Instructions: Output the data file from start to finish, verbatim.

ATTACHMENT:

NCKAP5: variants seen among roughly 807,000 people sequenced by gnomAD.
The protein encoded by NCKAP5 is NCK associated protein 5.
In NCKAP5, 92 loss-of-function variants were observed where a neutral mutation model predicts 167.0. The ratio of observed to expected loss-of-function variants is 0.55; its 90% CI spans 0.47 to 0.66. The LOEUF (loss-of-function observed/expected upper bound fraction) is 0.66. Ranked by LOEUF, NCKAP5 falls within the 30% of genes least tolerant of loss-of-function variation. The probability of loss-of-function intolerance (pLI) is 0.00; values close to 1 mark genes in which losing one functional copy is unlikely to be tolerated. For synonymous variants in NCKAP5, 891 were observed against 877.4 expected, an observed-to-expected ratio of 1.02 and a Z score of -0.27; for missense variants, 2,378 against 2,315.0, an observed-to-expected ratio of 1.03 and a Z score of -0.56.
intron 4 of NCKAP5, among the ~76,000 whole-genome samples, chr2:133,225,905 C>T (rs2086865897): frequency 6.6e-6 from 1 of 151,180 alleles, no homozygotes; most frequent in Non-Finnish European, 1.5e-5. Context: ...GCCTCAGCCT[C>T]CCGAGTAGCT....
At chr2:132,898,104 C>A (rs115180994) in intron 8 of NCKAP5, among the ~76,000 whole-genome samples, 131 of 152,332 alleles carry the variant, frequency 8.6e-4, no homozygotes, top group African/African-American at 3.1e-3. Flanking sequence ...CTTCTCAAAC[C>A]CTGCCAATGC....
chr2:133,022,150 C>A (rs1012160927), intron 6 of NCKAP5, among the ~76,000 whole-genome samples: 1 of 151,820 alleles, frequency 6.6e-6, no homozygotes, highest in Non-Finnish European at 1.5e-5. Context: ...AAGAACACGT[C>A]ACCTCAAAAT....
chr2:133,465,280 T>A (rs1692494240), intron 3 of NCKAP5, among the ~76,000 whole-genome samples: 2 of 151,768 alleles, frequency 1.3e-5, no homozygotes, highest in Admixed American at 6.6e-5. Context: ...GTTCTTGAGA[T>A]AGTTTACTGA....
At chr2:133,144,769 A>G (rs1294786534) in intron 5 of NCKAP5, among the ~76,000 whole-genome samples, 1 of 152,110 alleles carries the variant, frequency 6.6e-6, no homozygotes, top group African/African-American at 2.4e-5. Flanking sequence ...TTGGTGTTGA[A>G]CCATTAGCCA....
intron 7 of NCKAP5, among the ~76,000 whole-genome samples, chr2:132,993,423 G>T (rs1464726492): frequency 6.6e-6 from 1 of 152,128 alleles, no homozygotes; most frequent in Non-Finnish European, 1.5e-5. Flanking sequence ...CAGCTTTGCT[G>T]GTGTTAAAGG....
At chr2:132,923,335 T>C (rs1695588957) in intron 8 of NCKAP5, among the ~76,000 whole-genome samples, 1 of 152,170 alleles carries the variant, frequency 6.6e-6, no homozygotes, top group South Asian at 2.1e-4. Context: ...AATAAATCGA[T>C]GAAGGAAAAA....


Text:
NCKAP5: variants seen among roughly 807,000 people sequenced by gnomAD.
The protein encoded by NCKAP5 is NCK associated protein 5.
In NCKAP5, 92 loss-of-function variants were observed where a neutral mutation model predicts 167.0. The ratio of observed to expected loss-of-function variants is 0.55; its 90% CI spans 0.47 to 0.66. The LOEUF (loss-of-function observed/expected upper bound fraction) is 0.66. Ranked by LOEUF, NCKAP5 falls within the 30% of genes least tolerant of loss-of-function variation. The probability of loss-of-function intolerance (pLI) is 0.00; values close to 1 mark genes in which losing one functional copy is unlikely to be tolerated. For synonymous variants in NCKAP5, 891 were observed against 877.4 expected, an observed-to-expected ratio of 1.02 and a Z score of -0.27; for missense variants, 2,378 against 2,315.0, an observed-to-expected ratio of 1.03 and a Z score of -0.56.
intron 4 of NCKAP5, among the ~76,000 whole-genome samples, chr2:133,225,905 C>T (rs2086865897): frequency 6.6e-6 from 1 of 151,180 alleles, no homozygotes; most frequent in Non-Finnish European, 1.5e-5. Context: ...GCCTCAGCCT[C>T]CCGAGTAGCT....
At chr2:132,898,104 C>A (rs115180994) in intron 8 of NCKAP5, among the ~76,000 whole-genome samples, 131 of 152,332 alleles carry the variant, frequency 8.6e-4, no homozygotes, top group African/African-American at 3.1e-3. Flanking sequence ...CTTCTCAAAC[C>A]CTGCCAATGC....
chr2:133,022,150 C>A (rs1012160927), intron 6 of NCKAP5, among the ~76,000 whole-genome samples: 1 of 151,820 alleles, frequency 6.6e-6, no homozygotes, highest in Non-Finnish European at 1.5e-5. Context: ...AAGAACACGT[C>A]ACCTCAAAAT....
chr2:133,465,280 T>A (rs1692494240), intron 3 of NCKAP5, among the ~76,000 whole-genome samples: 2 of 151,768 alleles, frequency 1.3e-5, no homozygotes, highest in Admixed American at 6.6e-5. Context: ...GTTCTTGAGA[T>A]AGTTTACTGA....
At chr2:133,144,769 A>G (rs1294786534) in intron 5 of NCKAP5, among the ~76,000 whole-genome samples, 1 of 152,110 alleles carries the variant, frequency 6.6e-6, no homozygotes, top group African/African-American at 2.4e-5. Flanking sequence ...TTGGTGTTGA[A>G]CCATTAGCCA....
intron 7 of NCKAP5, among the ~76,000 whole-genome samples, chr2:132,993,423 G>T (rs1464726492): frequency 6.6e-6 from 1 of 152,128 alleles, no homozygotes; most frequent in Non-Finnish European, 1.5e-5. Flanking sequence ...CAGCTTTGCT[G>T]GTGTTAAAGG....
At chr2:132,923,335 T>C (rs1695588957) in intron 8 of NCKAP5, among the ~76,000 whole-genome samples, 1 of 152,170 alleles carries the variant, frequency 6.6e-6, no homozygotes, top group South Asian at 2.1e-4. Context: ...AATAAATCGA[T>C]GAAGGAAAAA....